This is difficult because in reality, for many children on the spectrum, the coping mechanisms put in place need to be dynamic and holistic. Tbh in my experience that can be difficult to achieve unless everyone is on board, enthusiastic and knowledgeable no matter what is put in a statement or ehcp. That needs to be from the headteacher downwards. In theory, anyone should be able to follow a statement and support the child but it takes effort from everyone. It is very easy to look like you are following the plan when you aren't and then claim that a child cannot be accommodated. I suspect this is what the primary school meant when they said that the grammar school wouldn't put up with it. If their focus is academics then they won't want to use up resources, time and effort on one child and they'll get rid.

I'm in the same boat with my ds. He's only 6. I'm setting up my own school because there is nowhere for him.

jonesthegirl Tue 16-Feb-16 16:59:51

Foxy. The boys grammar schools in my area which consist of two 'Super selectives' and one normal grammar. The Super selectives are considered 'hot houses' and are not very forgiving both in terms of their discipline or differences!. The standard grammar is better , but it would rather take pupils who have narrowly missed entry to the other two.

DS is very strong in Maths/Science , his verbal English and use of words is excellent also he his good at comprehension. He can struggle spelling some words and this is evidence of his Dyslexia.

They . We tried using home tutors with him in year 6, but he refused to even sit down and do any work at all.

Manic. The primary school head was expressing an opinion based on fact and probability . DSs three sisters all passed the 11+ from that school, so perhaps because he had known my 'family' for a while he could give advice to me.

I agree i would like the school to offer him some GCSE type work. The school have said this is difficult to do because 1. It would not be far on year 10 pupils if he was to join in their classes. 2. they have said that it would be difficult to allocate a teacher or TA soley to DS .

soapboxqueen Tue 16-Feb-16 17:14:11

If his current school have acknowledged that they are struggling and that he isn't able to attend the classes he should, is there are chance you could get the ehcp ammended to secure more funding for a Ta?

theycallmemellojello Tue 16-Feb-16 17:21:47

Hm - but if he won't work with tutors, will he do the extra out of school work that would be required if he was set more challenging work in school? Not trying to be negative here, I don't have experience with problems of this kind. But from an outsider's perspective, if he is set to do well in his current school, even if he is doing well because he finds the work easy, then it might not be worth disrupting a good thing. Realistically, a good set of GCSEs and A Levels have got to be the priority if he's smart. It could be that he develops more of an appetite for out of school intellectual projects (coding strikes me as something he might enjoy) as he gets older. IMO it's actually pretty good for smart kids to have time on their hands to pursue their own interests - but of course if you think boredom in school might worsen his meltdowns that's a different matter.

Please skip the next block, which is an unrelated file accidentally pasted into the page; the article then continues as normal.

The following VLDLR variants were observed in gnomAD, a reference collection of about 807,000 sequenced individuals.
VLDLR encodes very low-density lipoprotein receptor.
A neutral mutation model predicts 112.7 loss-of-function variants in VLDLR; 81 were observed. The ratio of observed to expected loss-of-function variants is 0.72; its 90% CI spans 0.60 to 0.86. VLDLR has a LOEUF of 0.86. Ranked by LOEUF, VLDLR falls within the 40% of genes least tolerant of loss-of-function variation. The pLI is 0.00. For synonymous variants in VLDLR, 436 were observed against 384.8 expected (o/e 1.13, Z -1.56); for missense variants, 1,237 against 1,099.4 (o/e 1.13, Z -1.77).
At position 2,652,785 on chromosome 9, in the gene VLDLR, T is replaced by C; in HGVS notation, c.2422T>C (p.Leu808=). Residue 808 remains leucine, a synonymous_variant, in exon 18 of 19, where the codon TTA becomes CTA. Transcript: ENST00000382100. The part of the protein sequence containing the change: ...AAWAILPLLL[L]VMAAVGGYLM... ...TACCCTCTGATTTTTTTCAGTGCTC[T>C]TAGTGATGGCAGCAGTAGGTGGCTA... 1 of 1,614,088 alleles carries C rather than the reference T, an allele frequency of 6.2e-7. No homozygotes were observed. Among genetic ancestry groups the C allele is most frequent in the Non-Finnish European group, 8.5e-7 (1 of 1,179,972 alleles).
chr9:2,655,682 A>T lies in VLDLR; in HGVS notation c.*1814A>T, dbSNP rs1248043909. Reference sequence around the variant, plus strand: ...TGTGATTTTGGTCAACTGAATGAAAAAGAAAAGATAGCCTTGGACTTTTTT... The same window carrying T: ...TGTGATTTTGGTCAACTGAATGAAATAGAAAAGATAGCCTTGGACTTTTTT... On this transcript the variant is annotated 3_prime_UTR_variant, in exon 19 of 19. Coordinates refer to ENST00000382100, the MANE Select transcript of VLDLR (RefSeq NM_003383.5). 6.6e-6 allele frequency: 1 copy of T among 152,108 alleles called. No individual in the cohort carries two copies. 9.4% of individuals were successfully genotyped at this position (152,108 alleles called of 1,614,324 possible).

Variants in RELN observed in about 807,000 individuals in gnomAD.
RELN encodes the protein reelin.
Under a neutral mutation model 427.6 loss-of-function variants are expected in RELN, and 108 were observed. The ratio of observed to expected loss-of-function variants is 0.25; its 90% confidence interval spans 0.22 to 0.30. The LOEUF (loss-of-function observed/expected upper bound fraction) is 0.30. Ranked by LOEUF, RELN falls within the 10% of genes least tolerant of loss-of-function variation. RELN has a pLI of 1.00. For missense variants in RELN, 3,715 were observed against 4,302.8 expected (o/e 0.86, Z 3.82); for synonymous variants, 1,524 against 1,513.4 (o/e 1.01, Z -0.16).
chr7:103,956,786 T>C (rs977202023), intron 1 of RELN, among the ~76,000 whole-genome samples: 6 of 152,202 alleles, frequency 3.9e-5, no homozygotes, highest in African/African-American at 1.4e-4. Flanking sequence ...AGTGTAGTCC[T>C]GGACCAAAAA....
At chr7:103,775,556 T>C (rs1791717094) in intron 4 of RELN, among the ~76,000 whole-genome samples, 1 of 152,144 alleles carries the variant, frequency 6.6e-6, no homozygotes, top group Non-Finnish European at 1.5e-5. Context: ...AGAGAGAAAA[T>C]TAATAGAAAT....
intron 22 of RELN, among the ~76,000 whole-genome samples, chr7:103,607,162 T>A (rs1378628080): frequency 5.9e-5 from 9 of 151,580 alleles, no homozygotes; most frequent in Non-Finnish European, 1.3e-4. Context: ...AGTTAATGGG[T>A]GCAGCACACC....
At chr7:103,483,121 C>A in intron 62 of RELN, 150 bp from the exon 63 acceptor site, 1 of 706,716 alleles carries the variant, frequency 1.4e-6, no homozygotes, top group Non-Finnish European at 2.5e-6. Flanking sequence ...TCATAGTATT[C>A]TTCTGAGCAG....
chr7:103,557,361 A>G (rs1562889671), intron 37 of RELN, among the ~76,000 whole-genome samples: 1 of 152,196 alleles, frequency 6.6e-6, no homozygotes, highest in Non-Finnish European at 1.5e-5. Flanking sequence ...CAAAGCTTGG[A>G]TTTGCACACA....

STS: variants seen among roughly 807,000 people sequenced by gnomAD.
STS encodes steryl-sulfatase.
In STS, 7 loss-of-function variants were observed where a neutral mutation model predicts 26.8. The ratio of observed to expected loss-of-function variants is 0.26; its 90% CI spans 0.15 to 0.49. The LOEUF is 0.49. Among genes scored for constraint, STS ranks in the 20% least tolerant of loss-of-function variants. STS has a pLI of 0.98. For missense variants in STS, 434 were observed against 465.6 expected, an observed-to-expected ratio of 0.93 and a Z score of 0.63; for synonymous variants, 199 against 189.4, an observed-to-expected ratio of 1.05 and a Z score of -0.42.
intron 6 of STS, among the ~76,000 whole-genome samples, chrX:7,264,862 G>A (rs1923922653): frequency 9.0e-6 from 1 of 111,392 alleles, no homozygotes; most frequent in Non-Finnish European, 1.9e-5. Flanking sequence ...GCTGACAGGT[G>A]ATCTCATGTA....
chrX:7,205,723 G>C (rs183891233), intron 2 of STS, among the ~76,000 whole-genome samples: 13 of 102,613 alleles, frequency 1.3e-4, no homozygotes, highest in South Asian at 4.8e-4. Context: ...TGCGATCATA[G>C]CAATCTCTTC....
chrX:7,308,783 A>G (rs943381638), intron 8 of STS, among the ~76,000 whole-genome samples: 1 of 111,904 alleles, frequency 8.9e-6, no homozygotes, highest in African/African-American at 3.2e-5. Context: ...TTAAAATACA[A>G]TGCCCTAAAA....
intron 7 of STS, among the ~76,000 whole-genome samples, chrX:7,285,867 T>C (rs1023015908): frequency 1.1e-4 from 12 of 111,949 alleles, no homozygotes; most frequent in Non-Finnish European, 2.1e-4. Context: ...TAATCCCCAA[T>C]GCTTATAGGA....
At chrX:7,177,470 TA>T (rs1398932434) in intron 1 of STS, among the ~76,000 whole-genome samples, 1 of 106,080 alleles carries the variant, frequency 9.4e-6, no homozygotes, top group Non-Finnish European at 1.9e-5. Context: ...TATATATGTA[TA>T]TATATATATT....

Mistigri Tue 16-Feb-16 18:21:12

I agree with the pp, have a look at extending his horizons outside school, doing something like coding - there are lots of in-line resources available for students of your son's age who want to learn to code. Learning doesn't have to take place exclusively in school.

missymayhemsmum Tue 16-Feb-16 21:21:39

Are there children there who come out with a good set of GCSEs? Is your son on track to be amongst them? If your confident that the school has the capacity to turn him out with good exam results I'd leave him there and focus on occupying his busy mind with other things that interest him, or ask them if they can suggest extension work. It's actually impressive that they have identified that he is not performing to his ability in the current group, rather than just leaving him to get on with it.

Parietal Tue 16-Feb-16 22:23:22

if your son is happy at the school and is getting support and is going to get good GCSEs, then don't worry about pushing him. A smart child can push ahead later when he wants to (e.g. at university / A level).

things like CodeClub could be great if that is available in your area.

jonesthegirl Wed 17-Feb-16 12:03:51

The school i choose for DS used to have a reputation of being 'appalling' .However the school has made great strides and it bears no relation to its previous incarnation of 5 years ago.

The reason i choose it for DS was because when i visited the school, it appeared to be the one most able to 'accept'/ or have experience dealing with DSs type of issues .

The problem though is DS is progressing academically much quicker than i thought he would. !

The school also only has '9%' high attainers, though results are improving at 56% GCSE...

Parietal. Thanks for the suggestion Coding is something i think he will enjoy doing .